Billy’s time travel is equally imaginary—or to use a word that Vonnegut promotes to the title page this time, schizophrenic. As he bounces willy-nilly around his life (“unstuck in time,” as the narrative’s opening puts it)—an optometrist at one moment, a hunted conscript in the aftermath of the Battle of the Bulge at the next; now in Dresden, now a little boy; walking out of his honeymoon suite to find himself in a prison camp—what he’s really doing is remembering and, more often, dreaming. “Billy fell asleep under his blanket” (this is in a mental ward at a VA hospital in 1948). “When he woke up again, he was tied to the bed in the hospital back in prison.” Urged by his bride to speak about his wartime secrets, the “things you don’t want to talk about,” Billy says: “It would sound like a dream.”

The novel isn’t about flying saucers, and it isn’t finally about Dresden, either. The raid gave Vonnegut the peg on which to hang the book and goaded him with a sense of occasion—of having stumbled into precious literary material—but as he had lamented to himself for years, he hadn’t actually seen it, safe in the deep, sealed basement of the slaughterhouse. Only once he realized that his true subject was his own long ordeal as a prisoner of war—fleeing, starving, packed for days in a cattle car, put to slave labor, almost killed by German guards and American planes, watching his fellow prisoners die all around him—was he able at last, I believe, to write the book. Billy’s time travel begins when that begins: when he’s lost and alone in the woods and the snow, apparently abandoned by his comrades, ill-clad, ill-trained, ill-equipped, a plaything of forces beyond his comprehension.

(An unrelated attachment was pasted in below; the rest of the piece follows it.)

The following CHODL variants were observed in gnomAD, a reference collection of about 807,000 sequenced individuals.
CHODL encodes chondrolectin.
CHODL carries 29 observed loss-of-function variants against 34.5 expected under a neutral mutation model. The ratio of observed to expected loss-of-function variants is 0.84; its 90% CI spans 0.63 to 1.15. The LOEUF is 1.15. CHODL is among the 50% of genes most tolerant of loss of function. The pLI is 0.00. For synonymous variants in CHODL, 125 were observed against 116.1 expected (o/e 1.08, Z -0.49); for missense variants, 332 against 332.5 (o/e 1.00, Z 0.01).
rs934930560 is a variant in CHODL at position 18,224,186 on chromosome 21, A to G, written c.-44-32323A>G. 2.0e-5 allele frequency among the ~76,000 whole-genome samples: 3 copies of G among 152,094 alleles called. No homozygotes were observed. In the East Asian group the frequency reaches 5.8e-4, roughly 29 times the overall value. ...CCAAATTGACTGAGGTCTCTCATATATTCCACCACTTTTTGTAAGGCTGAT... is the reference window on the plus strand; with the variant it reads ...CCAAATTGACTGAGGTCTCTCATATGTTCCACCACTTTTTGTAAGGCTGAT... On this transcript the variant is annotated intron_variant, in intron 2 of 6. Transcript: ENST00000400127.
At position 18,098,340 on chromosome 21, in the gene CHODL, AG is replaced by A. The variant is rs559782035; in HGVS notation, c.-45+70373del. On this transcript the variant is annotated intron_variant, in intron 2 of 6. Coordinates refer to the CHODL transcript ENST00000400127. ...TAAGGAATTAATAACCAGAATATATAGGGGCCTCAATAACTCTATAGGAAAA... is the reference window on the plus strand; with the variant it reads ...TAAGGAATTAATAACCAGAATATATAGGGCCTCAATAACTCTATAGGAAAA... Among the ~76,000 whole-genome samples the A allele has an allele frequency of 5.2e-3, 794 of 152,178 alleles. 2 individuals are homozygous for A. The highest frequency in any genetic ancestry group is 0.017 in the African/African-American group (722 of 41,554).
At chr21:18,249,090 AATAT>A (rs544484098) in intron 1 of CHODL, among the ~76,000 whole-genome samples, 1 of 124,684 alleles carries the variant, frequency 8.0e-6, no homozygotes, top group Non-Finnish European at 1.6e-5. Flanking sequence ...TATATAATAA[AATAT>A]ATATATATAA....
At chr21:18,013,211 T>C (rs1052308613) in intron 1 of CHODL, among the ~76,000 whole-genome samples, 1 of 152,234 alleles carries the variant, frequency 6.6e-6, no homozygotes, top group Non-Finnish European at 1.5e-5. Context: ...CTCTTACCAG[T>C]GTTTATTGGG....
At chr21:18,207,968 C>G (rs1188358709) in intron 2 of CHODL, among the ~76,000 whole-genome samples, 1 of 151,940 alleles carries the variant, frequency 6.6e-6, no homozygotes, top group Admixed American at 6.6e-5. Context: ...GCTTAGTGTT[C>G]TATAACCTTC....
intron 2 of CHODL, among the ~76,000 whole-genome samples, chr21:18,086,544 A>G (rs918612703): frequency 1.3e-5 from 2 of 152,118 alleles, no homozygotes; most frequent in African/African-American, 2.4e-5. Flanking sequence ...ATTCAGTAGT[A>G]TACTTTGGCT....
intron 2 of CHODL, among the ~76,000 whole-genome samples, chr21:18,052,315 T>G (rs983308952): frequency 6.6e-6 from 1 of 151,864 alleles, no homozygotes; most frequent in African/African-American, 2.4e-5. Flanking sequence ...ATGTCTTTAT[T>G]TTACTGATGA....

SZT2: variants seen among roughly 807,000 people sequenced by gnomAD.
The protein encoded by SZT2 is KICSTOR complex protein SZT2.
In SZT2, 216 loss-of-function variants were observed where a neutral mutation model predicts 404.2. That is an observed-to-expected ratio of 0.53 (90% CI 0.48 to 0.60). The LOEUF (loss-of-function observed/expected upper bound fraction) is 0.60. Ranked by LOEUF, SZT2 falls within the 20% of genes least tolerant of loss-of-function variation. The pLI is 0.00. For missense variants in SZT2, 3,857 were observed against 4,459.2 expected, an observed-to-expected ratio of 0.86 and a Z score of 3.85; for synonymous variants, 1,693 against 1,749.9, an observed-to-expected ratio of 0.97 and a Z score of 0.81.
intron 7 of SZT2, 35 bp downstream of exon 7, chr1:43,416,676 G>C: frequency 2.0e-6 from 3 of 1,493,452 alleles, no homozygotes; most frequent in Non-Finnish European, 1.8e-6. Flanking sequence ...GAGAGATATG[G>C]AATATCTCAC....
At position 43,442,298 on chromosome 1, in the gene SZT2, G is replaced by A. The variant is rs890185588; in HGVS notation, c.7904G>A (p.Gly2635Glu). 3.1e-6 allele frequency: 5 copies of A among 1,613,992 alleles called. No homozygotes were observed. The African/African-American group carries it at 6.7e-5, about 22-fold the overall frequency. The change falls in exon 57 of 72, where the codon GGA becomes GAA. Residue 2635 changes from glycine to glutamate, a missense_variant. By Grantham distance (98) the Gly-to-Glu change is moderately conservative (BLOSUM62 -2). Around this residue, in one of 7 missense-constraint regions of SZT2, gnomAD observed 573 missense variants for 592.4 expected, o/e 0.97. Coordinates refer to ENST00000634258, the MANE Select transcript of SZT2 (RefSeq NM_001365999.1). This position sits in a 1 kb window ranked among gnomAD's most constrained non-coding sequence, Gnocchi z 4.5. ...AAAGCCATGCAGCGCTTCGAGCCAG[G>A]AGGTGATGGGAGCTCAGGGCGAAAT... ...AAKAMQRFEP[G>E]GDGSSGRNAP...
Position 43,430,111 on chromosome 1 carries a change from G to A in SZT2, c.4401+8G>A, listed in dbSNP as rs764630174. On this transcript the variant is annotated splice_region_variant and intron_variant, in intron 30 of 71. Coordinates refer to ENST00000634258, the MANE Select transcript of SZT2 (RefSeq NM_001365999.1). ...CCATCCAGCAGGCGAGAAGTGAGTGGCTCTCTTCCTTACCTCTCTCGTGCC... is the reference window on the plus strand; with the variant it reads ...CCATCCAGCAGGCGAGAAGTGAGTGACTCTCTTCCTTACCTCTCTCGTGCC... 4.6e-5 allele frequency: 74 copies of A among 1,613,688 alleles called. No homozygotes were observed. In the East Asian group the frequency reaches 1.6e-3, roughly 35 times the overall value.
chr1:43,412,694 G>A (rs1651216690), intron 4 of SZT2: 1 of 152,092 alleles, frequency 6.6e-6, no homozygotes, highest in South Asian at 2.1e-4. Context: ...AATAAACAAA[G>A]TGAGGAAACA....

The novel is framed by Vonnegut’s account of trying to write about Dresden—of trying to remember Dresden. But a different kind of memory became the novel’s very fabric. “He tried to remember how old he was, couldn’t.” This is Billy the optometrist. “He tried to remember what year it was. He couldn’t remember that, either.” For the traumatized soldier, the war is always present, and the present is always the war. He is unstuck in time in the sense that he is stuck in time. His life is not linear, but radiates instead from a single event like the spokes of a wheel. Everything feels like a dream: a very bad dream. The novel is framed the way it is because Vonnegut, too, was traveling in time. He needed to make himself a part of the story because he already was a part of the story.